Christian Mabey, Managing Director, Optima Products

The term “circular economy” first appeared in 1988 as consumers realised mending jeans, cars and appliances costs more than replacing them.

Today, as materials shortages and resource scarcity drive skyrocketing prices, we’re finally seeing the emergence of the circular economy into the mainstream (and it’s paying dividends for early adopters).Put simply, the circular economy is the act of repairing, recycling and reusing products. It is the opposite of the linear economy, the cycle of buy-use-dispose that is piling pressure on the earth’s finite natural resources. Upcycling furniture, buying a refurbished laptop or dropping old clothes into a recycling point are all ways of taking part in the circular economy.

Essentially, adopting this approach could reduce global CO2 emissions by as much as 40% and, by returning nutrients to beleaguered soils and limiting resource extraction, improve biodiversity and mitigate the current strain under which our planet is buckling.

With pressure on manufacturers to decarbonise their operations and processes, a circular economic model offers an effective methodology which simultaneously reduces overheads, improves productivity and enhances brand reputation. So, if circularity brings all these benefits, why isn’t everyone doing it?

A common stumbling block for many businesses is the need to design out waste from existing products and processes. Many manufacturers recoil at the idea of redesigning goods to extend their lifecycle. Add to that the cost of organising return logistics, sorting reusable products, sourcing sustainable materials and components. Unfortunately, a number of businesses fail to see past the initial time, and financial investment.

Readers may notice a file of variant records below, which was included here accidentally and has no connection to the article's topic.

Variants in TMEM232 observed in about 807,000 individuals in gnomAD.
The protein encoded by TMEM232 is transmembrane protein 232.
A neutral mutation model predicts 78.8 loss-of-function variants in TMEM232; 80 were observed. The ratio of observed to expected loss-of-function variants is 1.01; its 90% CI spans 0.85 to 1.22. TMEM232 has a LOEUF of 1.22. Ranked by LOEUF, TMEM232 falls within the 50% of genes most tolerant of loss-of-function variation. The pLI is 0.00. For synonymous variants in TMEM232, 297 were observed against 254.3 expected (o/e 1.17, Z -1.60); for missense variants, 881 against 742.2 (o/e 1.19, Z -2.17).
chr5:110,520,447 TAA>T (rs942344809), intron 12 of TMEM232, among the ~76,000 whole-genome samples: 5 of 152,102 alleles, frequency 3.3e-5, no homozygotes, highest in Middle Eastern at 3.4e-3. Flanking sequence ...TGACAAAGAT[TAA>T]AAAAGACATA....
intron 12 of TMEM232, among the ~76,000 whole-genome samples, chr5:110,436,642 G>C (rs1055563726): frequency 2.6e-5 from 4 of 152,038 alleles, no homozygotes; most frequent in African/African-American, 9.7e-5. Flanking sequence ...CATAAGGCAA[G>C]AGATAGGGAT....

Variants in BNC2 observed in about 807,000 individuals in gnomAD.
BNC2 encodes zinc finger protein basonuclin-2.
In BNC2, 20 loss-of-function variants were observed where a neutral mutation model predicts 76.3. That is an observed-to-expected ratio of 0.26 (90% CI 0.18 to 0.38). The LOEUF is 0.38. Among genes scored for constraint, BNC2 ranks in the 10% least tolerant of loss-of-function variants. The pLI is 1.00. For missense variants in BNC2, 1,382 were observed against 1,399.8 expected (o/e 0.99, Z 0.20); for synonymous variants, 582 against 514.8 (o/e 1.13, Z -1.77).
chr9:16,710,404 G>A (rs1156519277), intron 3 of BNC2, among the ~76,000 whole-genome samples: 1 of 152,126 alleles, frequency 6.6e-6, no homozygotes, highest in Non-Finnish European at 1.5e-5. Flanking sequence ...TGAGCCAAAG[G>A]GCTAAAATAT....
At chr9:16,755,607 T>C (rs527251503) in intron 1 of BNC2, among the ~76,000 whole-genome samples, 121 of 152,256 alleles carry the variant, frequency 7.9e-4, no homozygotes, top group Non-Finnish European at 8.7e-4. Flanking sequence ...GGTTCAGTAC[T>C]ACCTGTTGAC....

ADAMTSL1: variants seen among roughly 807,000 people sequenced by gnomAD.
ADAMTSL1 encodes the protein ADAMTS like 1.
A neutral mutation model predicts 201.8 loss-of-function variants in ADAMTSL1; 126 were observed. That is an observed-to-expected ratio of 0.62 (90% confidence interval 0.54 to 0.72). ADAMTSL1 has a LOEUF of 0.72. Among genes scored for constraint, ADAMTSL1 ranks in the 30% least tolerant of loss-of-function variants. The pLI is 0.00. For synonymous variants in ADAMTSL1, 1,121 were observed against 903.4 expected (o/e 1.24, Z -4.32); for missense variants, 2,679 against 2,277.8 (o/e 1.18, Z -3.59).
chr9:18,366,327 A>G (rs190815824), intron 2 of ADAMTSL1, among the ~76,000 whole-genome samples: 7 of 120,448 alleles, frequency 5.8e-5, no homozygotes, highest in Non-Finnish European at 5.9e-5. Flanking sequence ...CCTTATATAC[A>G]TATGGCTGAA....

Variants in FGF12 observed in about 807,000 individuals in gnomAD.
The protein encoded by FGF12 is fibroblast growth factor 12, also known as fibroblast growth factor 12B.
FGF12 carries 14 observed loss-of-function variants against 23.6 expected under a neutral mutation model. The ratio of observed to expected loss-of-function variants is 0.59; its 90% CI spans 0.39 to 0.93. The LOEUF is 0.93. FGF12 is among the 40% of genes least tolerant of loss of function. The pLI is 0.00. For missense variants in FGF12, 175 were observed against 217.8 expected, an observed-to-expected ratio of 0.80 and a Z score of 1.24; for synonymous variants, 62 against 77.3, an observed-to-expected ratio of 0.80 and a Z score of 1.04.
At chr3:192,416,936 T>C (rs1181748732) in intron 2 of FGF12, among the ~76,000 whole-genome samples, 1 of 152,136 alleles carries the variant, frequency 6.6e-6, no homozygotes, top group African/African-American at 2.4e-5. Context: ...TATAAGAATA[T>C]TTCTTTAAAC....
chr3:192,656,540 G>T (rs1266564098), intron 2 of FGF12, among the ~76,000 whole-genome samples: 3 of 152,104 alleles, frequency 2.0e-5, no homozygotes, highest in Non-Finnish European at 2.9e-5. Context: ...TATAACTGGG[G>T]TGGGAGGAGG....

To look at circularity this way is to fall victim to the short-sightedness that got us here in the first place. For those able to take the long view, there are profits to be made; for the myopic the road is fast running out.

Achieving circularity is itself a task that needs to be a realistic and sustainable objective for any business. It must be a long-term process undertaken carefully and gradually to ensure the value of additional services and products can be realised.

Simply looking at how much energy your machinery is using or the source and composition of the materials you use can immediately throw up areas that could be made more circular.

Another accelerated path to circularity is to identify where value is lost between production, sale, use and disposal and focus on preserving and retaining that value. Furniture’s a great example. The public has been buying pre-loved furniture for years, sometimes it remains in it original form and sometimes it gets “upcycled” and transformed into something new. If we can do this with furniture we can also do it with the fixtures, fittings and building materials.

The good news is that a number of enterprising manufacturers are starting to think in a more holistic way about this problem. A recent project at Sint Oelbert School, Oosterhout, Netherlands, has seen the building’s façade clad in high-resistance plastic shingles, made from recycled PVC and guttering. Closer to home, Kenoteq’s K-Briq, which looks, feels and performs like a normal brick has a construction waste content of 80% helping to use up excess materials and scrap, which would otherwise go to landfill.


I think it’s essential that business owners advocate for, and educate around, the circular economy, what it really means and how we get there. It can be easy to ignore, or overlook, the short-term gains that are in arm’s reach when adopting the principles of circularity, just because it’s going to incur a significant up-front cost. However it’s one that will be worth it in the long run.  

Ultimately, if your business objectives are to: reduce spend on materials, lower energy consumption, prioritise repair and refurbishment, comply with environmental legislation, improve productivity and resilience, enhance your brand image and retaining customers post- sale, then your future is undeniably circular. Written by Christian Mabey, Managing Director, Optima Products